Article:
Moon Studios creative director Thomas Mahler is less than impressed by the “snake oil salesmen” of the games industry.

Mahler wants to ‘right the wrong’ of this cycle

“It all started with Molyneux,” begins Mahler’s lengthy rant. Peter Molyneux created Magic Carpet, Black & White, Fable and many other classic games but was also famous for promising too much and delivering ambitious but buggy games. “He pulled this shit for a good decade or more” until “some pretty damn shoddy games” finally broke the spell.

’Pie in the Sky’: “Then came Sean Murray, who apparently had learned straight from the Peter Molyneux handbook,” he continued. Mahler is not impressed with the hype surrounding No Man’s Sky and the way Murray encouraged it right up until the game was released and prompted a significant backlash from disappointed gamers.

Runaway hype: He rounds off by pillorying CD Projekt RED and Cyberpunk 2077 for letting people believe “you can do fucking everything”. The end result fell short of expectations, but Mahler is most upset that everyone keeps 'buying into the snake oil’.

Impressive Oculus Quest 2 sales

SuperData claims Oculus Quest 2 set a sales record in the last three months of 2020 for PC VR headsets. The Samsung Gear VR sold around 1.4 million units in the last three months of 2016, but depended on a mobile phone.

The Quest 2 is reasonably priced and is the first VR headset launched around the holiday season, while also having impressive specifications and supporting both stand-alone and PC play. PlayStation VR sold 125,000 units, Valve Index sold 61,000 and Oculus Rift/S sold 55,000 units in the same period.

More reports about Apple's foray into VR

Apple is getting ready to enter the VR market, but the real goal seems to be establishing a foothold in virtual reality and then dominate the emerging augmented reality market. The current prototype sports over a dozen cameras that track and record data which is then represented and merged with computer-generated imagery.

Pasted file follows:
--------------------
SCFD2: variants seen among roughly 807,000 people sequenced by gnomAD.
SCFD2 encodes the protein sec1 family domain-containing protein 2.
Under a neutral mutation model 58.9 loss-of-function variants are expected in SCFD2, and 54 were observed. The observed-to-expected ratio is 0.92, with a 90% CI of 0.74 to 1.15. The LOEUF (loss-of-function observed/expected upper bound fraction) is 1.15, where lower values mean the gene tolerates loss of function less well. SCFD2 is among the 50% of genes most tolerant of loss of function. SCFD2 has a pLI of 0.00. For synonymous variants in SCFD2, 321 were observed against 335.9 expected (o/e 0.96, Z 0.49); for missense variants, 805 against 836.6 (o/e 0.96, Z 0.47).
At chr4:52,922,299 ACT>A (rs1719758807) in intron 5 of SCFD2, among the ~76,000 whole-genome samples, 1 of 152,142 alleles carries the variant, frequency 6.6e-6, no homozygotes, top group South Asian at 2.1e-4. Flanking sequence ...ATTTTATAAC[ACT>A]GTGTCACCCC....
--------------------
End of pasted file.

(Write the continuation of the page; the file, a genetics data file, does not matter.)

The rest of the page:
The headset will feature dual 8K displays, far higher resolution than any of the competitors, and Apple is reportedly aiming to ship the product sometime in 2022. The first headset is expected to cost around $3000 and is not expected to perform well in the consumer market. It should, however, be understood as a demonstration of Apple's ambitions.

What was the first game in the Total War franchise?

ANSWER: Back when 3D RTSs were a big deal

Only in the 2000s could a price tag become a meme

It has been almost 20 year since Shogun Total War launched the Total War series and put Creative Assembly on the map. Before that, they made rugby games for EA but since then they have grown into a force to be reckoned with, exploring genres like action-adventure and first-person horror as well as grand strategy.

Shogun Total War was designed with historical authenticity in mind, and Creative Assembly hired the military historian Stephen Turnbull as a consultant. Realistic warfare coupled with impressive 3D landscapes and myriads of units was completely unique at the time, and there is still no studio that can match the scope and ambition of Creative Assembly’s games.

Today's issue of DailyBits was written by Gavin Herman, Erlend Grefsrud, Simon Priest, and Jamie Davey.